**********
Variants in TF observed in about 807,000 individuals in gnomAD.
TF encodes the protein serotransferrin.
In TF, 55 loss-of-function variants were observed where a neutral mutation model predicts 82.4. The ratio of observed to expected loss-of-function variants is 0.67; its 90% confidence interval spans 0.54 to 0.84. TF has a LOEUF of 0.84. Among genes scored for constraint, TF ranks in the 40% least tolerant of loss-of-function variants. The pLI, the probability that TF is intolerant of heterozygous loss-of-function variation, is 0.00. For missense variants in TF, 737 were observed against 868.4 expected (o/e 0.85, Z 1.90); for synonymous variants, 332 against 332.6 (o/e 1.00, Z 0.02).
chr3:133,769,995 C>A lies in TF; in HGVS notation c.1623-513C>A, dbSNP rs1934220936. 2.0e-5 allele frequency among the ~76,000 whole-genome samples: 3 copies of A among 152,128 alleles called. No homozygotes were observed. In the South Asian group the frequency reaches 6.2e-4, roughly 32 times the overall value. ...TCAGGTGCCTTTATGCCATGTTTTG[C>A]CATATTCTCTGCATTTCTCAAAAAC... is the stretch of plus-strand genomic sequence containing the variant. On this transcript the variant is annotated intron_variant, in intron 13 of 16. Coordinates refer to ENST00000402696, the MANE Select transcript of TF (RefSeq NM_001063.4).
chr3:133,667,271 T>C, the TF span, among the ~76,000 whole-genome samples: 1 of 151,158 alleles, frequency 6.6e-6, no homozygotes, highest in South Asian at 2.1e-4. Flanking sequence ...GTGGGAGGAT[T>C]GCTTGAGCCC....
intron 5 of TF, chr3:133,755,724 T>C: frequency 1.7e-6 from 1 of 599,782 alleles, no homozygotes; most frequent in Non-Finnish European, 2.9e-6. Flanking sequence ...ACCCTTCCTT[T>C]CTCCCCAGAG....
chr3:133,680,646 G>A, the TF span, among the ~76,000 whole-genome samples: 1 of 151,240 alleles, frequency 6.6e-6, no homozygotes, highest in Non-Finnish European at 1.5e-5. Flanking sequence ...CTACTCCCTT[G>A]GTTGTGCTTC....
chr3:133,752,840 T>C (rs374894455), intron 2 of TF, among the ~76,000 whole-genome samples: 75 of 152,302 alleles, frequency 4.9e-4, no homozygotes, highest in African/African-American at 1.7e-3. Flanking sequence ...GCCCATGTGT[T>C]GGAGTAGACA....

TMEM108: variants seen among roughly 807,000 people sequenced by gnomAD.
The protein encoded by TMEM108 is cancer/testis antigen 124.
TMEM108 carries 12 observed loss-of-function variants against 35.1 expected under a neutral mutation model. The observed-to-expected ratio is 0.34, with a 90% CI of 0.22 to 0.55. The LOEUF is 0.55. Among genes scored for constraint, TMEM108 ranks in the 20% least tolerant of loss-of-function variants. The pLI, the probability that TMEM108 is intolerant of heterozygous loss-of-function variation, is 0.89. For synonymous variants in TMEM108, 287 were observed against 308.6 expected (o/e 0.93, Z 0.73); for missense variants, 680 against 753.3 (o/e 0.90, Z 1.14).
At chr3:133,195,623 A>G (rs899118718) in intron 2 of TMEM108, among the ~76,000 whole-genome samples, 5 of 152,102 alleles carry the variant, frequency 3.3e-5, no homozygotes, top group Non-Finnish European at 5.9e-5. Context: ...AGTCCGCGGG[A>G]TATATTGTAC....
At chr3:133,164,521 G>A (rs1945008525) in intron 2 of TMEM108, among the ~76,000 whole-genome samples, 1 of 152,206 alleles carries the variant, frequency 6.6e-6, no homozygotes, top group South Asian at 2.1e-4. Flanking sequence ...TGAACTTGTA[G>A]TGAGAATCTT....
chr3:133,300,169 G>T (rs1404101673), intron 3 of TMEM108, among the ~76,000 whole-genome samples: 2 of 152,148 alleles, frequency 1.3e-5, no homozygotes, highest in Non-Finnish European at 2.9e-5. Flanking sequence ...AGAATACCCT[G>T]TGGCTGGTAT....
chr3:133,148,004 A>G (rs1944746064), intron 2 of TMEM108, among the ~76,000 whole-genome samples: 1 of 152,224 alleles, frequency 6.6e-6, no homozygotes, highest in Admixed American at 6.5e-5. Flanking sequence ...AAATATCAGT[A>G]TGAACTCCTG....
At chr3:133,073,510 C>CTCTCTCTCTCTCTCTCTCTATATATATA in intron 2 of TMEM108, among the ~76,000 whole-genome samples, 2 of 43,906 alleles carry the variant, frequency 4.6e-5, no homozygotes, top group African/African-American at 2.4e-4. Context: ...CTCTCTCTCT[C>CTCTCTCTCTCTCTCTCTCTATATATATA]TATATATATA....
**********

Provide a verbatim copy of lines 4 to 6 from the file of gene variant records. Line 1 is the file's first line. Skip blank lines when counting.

chr3:133,769,995 C>A lies in TF; in HGVS notation c.1623-513C>A, dbSNP rs1934220936. 2.0e-5 allele frequency among the ~76,000 whole-genome samples: 3 copies of A among 152,128 alleles called. No homozygotes were observed. In the South Asian group the frequency reaches 6.2e-4, roughly 32 times the overall value. ...TCAGGTGCCTTTATGCCATGTTTTG[C>A]CATATTCTCTGCATTTCTCAAAAAC... is the stretch of plus-strand genomic sequence containing the variant. On this transcript the variant is annotated intron_variant, in intron 13 of 16. Coordinates refer to ENST00000402696, the MANE Select transcript of TF (RefSeq NM_001063.4).
chr3:133,667,271 T>C, the TF span, among the ~76,000 whole-genome samples: 1 of 151,158 alleles, frequency 6.6e-6, no homozygotes, highest in South Asian at 2.1e-4. Flanking sequence ...GTGGGAGGAT[T>C]GCTTGAGCCC....
intron 5 of TF, chr3:133,755,724 T>C: frequency 1.7e-6 from 1 of 599,782 alleles, no homozygotes; most frequent in Non-Finnish European, 2.9e-6. Flanking sequence ...ACCCTTCCTT[T>C]CTCCCCAGAG....